[ok] [Full-Disclosure] Certifications
srenna at vdbmusic.com
Mon Nov 22 14:47:59 GMT 2004
I would agree with these statements as well. I'm carrying 2 GIACs(GCIA
and GCIH) as well as CISSP. I feel that the CISSP is a very broad
general overview of the concepts of security; however, there are far too
many unqualified people attending boot camps and passing the
examination. The CISSP definitely helped get me in the door for jobs,
but if you want some really technical meaty stuff that requires study
and talent, I would recommend pursuing the GIACs. Each one of them
requires that the candidate write a paper and if that passes, you get to
take the exams. This way of testing ensures that the student has not
just spent time memorizing things like HIPAA enforcement. It's a rough
journey, but you'll learn alot pursuing a GIAC.
Scott Renna CISSP, GCIA, GCIH, CCNA, CCDA
Curt Purdy wrote:
> Paul wrote:
>>While I gotta agree that experience is what counts, what (if
>>any) specialist certs should a tertiary student, with a
>>special interest in security, use to underpin their prac?
>>P.S. If I'm too ignorant to warrant a civil answer, like
>>being told to go to the movies, my apologies in advance so no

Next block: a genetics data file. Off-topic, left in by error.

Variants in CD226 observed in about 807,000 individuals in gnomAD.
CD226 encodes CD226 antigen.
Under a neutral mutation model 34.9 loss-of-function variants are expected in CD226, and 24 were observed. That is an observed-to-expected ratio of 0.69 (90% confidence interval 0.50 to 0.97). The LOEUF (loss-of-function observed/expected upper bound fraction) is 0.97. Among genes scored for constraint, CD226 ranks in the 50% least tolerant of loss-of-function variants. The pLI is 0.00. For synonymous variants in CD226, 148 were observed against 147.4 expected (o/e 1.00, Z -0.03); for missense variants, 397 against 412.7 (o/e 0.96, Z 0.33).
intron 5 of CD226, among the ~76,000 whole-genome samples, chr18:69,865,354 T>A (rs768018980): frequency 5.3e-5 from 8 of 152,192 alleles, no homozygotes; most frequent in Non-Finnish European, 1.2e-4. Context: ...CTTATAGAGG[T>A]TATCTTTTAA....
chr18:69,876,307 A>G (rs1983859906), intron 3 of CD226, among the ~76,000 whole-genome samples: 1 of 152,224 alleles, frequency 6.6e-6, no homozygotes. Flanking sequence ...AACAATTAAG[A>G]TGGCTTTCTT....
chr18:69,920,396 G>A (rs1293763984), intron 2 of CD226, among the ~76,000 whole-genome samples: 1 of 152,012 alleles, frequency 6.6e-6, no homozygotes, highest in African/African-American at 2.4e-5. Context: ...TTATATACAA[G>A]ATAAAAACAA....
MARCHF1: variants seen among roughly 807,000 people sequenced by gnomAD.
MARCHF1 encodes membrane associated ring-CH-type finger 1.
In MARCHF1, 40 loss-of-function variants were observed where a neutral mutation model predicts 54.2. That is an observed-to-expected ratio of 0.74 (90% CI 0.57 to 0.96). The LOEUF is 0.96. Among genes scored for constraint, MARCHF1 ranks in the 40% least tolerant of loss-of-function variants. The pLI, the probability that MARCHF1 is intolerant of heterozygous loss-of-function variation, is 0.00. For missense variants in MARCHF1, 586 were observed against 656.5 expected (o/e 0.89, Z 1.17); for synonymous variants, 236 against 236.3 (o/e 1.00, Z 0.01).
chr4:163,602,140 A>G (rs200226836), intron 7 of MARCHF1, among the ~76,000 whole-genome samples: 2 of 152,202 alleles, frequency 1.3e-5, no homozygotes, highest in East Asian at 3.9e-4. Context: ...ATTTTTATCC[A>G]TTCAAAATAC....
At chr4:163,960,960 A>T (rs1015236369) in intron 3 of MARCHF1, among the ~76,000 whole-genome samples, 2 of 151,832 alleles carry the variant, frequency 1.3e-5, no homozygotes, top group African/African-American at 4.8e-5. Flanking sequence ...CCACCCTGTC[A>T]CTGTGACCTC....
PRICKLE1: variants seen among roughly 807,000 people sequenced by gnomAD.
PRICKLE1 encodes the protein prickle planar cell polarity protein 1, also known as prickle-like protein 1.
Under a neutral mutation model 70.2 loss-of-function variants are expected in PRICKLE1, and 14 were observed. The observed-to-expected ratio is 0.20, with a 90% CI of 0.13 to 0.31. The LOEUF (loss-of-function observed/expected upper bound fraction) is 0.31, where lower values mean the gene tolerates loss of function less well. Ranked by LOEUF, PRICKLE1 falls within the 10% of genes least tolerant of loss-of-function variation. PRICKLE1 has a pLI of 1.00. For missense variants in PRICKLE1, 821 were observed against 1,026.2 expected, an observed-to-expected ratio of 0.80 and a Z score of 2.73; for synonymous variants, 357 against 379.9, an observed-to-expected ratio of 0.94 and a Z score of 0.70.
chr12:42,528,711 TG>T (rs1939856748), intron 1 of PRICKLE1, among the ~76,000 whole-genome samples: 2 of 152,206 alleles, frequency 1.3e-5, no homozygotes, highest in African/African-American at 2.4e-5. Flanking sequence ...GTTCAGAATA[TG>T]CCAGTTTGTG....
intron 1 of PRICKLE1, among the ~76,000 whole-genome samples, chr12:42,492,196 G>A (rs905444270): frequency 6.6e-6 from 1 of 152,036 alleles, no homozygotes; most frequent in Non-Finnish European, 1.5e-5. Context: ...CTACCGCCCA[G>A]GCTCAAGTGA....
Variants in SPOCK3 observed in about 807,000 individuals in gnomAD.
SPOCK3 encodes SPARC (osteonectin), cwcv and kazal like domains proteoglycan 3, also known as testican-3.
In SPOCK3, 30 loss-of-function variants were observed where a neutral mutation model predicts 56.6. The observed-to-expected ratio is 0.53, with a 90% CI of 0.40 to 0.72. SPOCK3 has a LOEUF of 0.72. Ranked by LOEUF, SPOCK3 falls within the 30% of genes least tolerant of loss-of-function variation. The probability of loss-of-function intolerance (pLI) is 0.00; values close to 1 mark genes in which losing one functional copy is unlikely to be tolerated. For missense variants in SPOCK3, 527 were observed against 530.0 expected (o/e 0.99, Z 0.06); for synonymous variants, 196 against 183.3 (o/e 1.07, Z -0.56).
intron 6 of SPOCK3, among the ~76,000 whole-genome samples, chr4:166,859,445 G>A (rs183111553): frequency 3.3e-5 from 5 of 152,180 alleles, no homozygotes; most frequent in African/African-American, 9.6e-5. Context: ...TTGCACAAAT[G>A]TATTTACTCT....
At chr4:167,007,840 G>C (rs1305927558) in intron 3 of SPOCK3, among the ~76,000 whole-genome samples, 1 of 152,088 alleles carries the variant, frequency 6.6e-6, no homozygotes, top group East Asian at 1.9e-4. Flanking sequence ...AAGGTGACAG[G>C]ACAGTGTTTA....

> Not everyone on this list are crude brainless kiddies Paul (though too many
> are ;) Having said that, let me address your main point. With a number of
> letters behind my name (will have to drop the CCDA to accommodate my
> upcoming GSNA), I feel qualified to answer your question.
> For some reason the CISSP is considered one of the most prestigious certs.
> I describe it as a river a mile wide and 6 inches deep. However, I found it
> relatively easy to obtain with no schooling required, as were all my other
> certs, except for the GSEC that required an 8x12-hour day intensive SANS
> class (in my case complemented with a co-ordinated national meeting of
> military IS people and keynote by Richard Clarke, who I respect very much).
> I tell people that you come out of that either scared to death or with a
> brain, two hat-sizes bigger.
> Most GIAC certs are very technical in nature. I describe them as being a
> quarter-mile wide and 20 feet deep. Although I passed the GSEC on first try,
> the test was much more difficult than the CISSP. That is why I decided to
> pursue my GSNA as opposed to a CISA. And in that one 6-day class, I
> shoe-horned enough stuff in my brain to keep me busy for months. Well worth
> the money.
> My .02
> Curt Purdy CISSP, GSEC, CNE, MCSE+I, CCDA
> Information Security Engineer
> DP Solutions
> If you spend more on coffee than on IT security, you will be hacked.
> What's more, you deserve to be hacked.
> -- former White House cybersecurity adviser Richard Clarke
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